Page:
The Premier reiterated her commitment to working with and listening to caucus colleagues and ensuring MLAs are active players in determining UCP priorities and the game plan.
With an election campaign already effectively underway, the Speech formalizes Smith’s outreach to all Albertans and a determined effort to leave the drama of the past far behind. The success of this strategy is TBD but underwritten by the province’s very strong Treasury there is precedent for winning over Albertans in a similar fashion more than once in our past.
And finally, even with all of that said, we expect the short legislative session to include no shortage of fireworks and drama. Rachel Notley’s New Democrats have voiced their opposition to virtually all of the measures put forward by Premier Smith and will use every tool in the toolkit to prevent legislation from being passed.
In closing out the Throne Speech, Smith called on all members of the legislature, no matter their political stripe, to work together to address the day-to-day challenges facing Albertans. As we write this note, the press conference following the introduction of Alberta Sovereignty Within a United Canada Act suggests that is unlikely to happen.
The polling results make it clear. Albertans are worried and tired and looking for leadership and support on what matters most today. The winner of the May 2023 provincial election will be the leader and party seen as most able and committed to addressing on the day-to-day with grand schemes – UCP or NDP – parked well to the side and government made boring all over again.
Bill 1 Alberta Sovereignty Within a United Canada Act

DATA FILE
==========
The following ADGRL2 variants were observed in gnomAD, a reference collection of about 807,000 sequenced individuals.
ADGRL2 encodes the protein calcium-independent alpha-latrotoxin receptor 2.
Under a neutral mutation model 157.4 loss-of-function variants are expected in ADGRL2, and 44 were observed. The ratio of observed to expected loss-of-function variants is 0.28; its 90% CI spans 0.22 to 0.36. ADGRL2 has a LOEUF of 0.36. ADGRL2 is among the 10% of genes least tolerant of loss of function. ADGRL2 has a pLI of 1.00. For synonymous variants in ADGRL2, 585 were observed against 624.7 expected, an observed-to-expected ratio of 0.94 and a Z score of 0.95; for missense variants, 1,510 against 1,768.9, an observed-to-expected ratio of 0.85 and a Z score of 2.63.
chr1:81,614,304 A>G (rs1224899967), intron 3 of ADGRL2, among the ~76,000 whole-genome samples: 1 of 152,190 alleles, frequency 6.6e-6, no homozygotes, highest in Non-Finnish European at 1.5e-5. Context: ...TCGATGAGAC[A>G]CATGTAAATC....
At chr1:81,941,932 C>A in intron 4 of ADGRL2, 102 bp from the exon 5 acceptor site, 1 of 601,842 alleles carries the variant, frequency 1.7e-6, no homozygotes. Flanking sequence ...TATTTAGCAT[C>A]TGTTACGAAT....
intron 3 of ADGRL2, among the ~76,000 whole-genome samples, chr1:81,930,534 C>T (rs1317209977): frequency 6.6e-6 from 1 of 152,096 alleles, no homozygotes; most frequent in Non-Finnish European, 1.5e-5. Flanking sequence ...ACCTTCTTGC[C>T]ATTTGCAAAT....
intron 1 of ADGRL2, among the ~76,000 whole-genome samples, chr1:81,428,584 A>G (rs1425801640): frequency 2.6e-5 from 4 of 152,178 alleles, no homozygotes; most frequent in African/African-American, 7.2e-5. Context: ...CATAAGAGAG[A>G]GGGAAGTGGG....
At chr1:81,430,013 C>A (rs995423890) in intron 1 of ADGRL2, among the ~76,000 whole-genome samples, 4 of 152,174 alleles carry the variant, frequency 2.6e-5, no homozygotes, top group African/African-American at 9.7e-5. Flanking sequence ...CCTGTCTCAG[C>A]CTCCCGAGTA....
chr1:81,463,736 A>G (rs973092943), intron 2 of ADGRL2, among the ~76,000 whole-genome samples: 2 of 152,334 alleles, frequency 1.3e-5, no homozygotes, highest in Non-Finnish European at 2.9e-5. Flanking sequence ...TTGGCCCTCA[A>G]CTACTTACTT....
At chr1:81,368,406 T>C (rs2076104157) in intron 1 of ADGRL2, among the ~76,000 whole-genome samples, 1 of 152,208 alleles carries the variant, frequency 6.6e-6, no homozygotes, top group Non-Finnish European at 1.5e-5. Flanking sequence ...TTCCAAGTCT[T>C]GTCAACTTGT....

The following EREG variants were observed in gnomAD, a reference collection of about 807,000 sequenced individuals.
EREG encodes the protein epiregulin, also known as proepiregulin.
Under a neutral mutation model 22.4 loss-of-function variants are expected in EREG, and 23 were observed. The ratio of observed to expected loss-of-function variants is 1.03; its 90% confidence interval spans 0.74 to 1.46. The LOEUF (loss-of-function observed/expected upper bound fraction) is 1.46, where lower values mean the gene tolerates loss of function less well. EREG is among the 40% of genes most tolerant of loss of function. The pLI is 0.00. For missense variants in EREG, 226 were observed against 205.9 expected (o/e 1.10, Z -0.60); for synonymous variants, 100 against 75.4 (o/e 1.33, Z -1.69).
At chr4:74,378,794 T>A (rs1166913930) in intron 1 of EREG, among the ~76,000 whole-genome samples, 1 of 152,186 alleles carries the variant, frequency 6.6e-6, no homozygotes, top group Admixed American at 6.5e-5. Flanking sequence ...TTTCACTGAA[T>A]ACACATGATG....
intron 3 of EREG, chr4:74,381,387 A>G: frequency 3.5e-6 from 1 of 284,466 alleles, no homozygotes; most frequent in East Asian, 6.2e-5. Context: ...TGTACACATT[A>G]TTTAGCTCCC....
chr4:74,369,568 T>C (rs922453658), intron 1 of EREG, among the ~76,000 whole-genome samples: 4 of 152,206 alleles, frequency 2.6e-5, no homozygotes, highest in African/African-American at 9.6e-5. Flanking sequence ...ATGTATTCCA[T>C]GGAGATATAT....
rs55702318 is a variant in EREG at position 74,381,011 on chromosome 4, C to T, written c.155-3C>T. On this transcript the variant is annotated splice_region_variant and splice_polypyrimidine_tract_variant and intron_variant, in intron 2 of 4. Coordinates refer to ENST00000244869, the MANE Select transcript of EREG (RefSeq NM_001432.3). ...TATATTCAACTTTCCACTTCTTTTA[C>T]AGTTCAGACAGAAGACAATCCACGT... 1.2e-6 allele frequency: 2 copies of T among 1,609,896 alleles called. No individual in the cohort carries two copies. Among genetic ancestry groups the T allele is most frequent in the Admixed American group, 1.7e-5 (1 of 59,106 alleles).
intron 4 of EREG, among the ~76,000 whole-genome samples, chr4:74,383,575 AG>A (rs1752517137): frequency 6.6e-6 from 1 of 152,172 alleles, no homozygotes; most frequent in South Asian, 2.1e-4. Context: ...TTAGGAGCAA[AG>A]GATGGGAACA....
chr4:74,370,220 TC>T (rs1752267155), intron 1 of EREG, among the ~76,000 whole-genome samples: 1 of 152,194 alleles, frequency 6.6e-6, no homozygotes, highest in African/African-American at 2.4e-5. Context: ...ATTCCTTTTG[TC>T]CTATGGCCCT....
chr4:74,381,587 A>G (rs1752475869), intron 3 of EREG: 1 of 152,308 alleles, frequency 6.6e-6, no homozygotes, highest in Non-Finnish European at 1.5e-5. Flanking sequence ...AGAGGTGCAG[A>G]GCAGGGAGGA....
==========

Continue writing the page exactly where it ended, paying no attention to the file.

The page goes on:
Introduced following the Speech was Bill 1, Alberta Sovereignty Within a United Canada Act. This was a major component of Smith’s leadership campaign, however the contents are more moderate than many had expected. Smith characterizes the Bill as a “constitutional shield” that will strengthen Canada’s federation by protecting the jurisdiction of Alberta – and by extension other provinces – from overreach by Ottawa. The legislation will not challenge the decisions of Canada’s highest court and will respect the treaties and rights of First Nations, Métis and Inuit Peoples. The Premier argues passage of the legislation will make Canada stronger and more prosperous.
Specific policies targeted by the Act will include carbon policy potentially applied to fertilizers used on Canadian farms, limitations imposed on Alberta’s capacity to develop and transport its energy resources, limiting the rights of legal firearm owners, interfering in the delivery of provincial healthcare, education and childcare and inappropriately invoking emergency powers.